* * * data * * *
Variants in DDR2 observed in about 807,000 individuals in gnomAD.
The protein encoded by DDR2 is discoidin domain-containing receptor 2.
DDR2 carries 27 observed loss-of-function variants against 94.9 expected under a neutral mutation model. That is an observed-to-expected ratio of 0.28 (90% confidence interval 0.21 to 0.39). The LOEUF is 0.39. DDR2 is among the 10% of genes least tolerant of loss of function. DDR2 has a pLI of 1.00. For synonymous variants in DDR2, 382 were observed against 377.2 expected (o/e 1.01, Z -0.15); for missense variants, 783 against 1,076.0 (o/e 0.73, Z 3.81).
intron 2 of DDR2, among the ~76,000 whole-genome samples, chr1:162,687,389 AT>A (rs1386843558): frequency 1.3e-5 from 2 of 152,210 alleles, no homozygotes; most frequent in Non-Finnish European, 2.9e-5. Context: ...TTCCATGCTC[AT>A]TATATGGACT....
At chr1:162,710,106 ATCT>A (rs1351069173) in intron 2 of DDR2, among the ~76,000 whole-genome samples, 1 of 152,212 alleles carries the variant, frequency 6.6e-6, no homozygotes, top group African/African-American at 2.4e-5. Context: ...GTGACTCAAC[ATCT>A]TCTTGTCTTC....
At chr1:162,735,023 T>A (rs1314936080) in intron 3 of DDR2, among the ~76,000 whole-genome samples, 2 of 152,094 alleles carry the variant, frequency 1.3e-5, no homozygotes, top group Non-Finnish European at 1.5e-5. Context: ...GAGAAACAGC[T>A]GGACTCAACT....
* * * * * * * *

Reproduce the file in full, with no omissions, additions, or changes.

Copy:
Variants in DDR2 observed in about 807,000 individuals in gnomAD.
The protein encoded by DDR2 is discoidin domain-containing receptor 2.
DDR2 carries 27 observed loss-of-function variants against 94.9 expected under a neutral mutation model. That is an observed-to-expected ratio of 0.28 (90% confidence interval 0.21 to 0.39). The LOEUF is 0.39. DDR2 is among the 10% of genes least tolerant of loss of function. DDR2 has a pLI of 1.00. For synonymous variants in DDR2, 382 were observed against 377.2 expected (o/e 1.01, Z -0.15); for missense variants, 783 against 1,076.0 (o/e 0.73, Z 3.81).
intron 2 of DDR2, among the ~76,000 whole-genome samples, chr1:162,687,389 AT>A (rs1386843558): frequency 1.3e-5 from 2 of 152,210 alleles, no homozygotes; most frequent in Non-Finnish European, 2.9e-5. Context: ...TTCCATGCTC[AT>A]TATATGGACT....
At chr1:162,710,106 ATCT>A (rs1351069173) in intron 2 of DDR2, among the ~76,000 whole-genome samples, 1 of 152,212 alleles carries the variant, frequency 6.6e-6, no homozygotes, top group African/African-American at 2.4e-5. Context: ...GTGACTCAAC[ATCT>A]TCTTGTCTTC....
At chr1:162,735,023 T>A (rs1314936080) in intron 3 of DDR2, among the ~76,000 whole-genome samples, 2 of 152,094 alleles carry the variant, frequency 1.3e-5, no homozygotes, top group Non-Finnish European at 1.5e-5. Context: ...GAGAAACAGC[T>A]GGACTCAACT....